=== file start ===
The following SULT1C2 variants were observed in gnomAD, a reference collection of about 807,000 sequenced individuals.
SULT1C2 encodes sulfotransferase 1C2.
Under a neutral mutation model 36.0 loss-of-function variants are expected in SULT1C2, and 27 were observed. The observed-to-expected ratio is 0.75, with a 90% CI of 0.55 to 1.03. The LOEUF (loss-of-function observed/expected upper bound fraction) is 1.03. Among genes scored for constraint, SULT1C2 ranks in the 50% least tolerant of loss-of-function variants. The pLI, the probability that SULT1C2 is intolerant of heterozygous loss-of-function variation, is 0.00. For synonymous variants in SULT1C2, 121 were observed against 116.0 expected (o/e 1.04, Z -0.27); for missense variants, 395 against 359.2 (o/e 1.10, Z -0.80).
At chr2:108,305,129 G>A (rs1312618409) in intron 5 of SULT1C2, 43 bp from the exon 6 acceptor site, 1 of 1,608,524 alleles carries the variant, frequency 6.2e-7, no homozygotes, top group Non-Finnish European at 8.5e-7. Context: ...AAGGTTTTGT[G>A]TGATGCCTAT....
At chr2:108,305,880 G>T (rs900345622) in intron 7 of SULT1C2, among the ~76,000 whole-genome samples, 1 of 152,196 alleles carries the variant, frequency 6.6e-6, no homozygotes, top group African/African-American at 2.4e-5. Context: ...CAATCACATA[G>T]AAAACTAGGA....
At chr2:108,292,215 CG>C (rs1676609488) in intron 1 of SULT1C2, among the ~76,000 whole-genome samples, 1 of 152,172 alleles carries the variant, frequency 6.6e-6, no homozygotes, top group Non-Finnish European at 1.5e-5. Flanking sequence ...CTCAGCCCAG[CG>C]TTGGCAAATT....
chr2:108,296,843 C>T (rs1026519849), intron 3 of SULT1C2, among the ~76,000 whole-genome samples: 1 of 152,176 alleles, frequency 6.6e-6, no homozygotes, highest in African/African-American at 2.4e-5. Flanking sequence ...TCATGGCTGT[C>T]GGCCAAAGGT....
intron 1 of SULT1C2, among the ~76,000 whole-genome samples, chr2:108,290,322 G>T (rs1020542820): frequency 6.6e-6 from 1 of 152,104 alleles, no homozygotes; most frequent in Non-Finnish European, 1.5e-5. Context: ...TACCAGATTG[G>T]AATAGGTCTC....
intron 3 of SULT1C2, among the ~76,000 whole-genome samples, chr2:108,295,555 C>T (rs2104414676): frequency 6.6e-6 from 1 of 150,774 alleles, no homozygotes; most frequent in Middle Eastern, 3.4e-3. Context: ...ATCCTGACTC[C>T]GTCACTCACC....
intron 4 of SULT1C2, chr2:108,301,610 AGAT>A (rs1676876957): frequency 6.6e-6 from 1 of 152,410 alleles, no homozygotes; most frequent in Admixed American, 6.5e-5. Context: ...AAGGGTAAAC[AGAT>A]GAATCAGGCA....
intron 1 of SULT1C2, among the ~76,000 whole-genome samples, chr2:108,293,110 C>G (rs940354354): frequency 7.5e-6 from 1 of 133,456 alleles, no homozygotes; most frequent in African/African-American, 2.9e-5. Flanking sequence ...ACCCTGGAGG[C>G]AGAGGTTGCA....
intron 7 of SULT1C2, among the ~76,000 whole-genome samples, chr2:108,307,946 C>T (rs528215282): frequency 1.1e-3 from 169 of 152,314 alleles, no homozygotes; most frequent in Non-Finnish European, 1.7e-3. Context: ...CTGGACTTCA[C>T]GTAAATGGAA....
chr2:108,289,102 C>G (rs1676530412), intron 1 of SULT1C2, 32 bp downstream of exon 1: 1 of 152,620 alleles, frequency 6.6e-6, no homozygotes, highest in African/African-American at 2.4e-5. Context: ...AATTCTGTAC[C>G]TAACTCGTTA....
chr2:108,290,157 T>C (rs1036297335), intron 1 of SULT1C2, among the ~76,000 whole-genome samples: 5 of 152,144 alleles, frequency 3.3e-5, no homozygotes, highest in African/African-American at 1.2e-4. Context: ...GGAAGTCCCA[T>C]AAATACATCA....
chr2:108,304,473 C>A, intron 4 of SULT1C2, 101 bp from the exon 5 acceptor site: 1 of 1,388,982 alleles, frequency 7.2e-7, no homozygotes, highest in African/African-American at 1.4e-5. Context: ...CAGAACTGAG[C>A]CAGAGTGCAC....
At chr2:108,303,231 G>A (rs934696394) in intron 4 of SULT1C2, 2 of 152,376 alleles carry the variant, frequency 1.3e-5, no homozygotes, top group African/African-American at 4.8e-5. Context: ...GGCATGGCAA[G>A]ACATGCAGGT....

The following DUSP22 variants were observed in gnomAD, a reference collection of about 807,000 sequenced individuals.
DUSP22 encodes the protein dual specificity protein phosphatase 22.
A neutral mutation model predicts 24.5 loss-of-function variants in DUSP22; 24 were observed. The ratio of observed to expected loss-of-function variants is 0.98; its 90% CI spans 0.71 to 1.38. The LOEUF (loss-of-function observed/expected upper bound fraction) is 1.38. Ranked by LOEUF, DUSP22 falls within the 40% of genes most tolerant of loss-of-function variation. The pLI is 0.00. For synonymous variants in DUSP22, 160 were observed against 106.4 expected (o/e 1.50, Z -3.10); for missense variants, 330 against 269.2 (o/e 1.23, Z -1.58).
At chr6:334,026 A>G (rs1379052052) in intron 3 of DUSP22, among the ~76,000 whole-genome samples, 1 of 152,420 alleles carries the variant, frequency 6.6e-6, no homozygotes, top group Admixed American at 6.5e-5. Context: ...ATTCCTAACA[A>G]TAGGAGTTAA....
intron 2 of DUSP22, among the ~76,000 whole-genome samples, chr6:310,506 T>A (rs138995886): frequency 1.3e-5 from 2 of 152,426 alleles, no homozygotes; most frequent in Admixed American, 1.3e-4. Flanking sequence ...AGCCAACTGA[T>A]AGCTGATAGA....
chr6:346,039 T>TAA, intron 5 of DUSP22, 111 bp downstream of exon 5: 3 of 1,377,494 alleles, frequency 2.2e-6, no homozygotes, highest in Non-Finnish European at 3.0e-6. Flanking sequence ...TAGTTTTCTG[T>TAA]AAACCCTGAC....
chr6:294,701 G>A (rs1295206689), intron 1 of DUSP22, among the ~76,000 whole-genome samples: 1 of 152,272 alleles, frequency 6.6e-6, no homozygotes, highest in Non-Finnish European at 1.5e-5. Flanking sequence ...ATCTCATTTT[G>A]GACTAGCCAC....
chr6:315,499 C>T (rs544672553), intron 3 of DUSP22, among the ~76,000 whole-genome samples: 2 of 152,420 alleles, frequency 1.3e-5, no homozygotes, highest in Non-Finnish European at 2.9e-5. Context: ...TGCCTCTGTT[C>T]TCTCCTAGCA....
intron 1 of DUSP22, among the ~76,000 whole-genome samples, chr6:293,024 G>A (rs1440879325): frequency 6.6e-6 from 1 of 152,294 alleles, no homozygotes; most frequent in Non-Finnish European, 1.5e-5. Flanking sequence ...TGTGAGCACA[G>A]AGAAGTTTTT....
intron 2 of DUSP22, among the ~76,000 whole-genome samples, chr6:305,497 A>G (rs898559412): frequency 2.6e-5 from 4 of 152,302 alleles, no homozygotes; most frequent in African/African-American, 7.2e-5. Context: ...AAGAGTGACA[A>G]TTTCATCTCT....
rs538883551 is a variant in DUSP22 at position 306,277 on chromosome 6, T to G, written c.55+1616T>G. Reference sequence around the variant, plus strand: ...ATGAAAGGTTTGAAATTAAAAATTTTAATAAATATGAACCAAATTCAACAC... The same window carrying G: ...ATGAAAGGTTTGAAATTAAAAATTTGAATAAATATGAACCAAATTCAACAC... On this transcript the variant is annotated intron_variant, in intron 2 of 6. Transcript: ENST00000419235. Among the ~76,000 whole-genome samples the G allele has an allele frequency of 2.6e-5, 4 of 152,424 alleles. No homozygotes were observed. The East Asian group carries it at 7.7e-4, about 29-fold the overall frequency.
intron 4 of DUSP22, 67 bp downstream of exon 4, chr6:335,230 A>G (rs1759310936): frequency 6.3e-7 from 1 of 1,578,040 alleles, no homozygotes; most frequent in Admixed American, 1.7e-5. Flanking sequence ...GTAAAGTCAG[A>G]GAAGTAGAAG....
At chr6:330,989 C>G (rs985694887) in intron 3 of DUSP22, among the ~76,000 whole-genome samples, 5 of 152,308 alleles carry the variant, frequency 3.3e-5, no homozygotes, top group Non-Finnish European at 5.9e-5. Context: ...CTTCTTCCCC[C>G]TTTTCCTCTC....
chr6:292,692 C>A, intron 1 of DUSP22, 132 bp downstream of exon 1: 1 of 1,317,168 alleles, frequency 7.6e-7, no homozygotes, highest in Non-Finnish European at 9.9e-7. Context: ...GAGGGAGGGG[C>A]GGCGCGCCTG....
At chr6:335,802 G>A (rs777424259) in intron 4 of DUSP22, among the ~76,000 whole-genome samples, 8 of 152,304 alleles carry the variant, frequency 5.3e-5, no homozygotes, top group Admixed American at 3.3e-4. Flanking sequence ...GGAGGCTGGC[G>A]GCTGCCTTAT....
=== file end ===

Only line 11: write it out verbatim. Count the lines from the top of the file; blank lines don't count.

intron 1 of SULT1C2, among the ~76,000 whole-genome samples, chr2:108,293,110 C>G (rs940354354): frequency 7.5e-6 from 1 of 133,456 alleles, no homozygotes; most frequent in African/African-American, 2.9e-5. Flanking sequence ...ACCCTGGAGG[C>G]AGAGGTTGCA....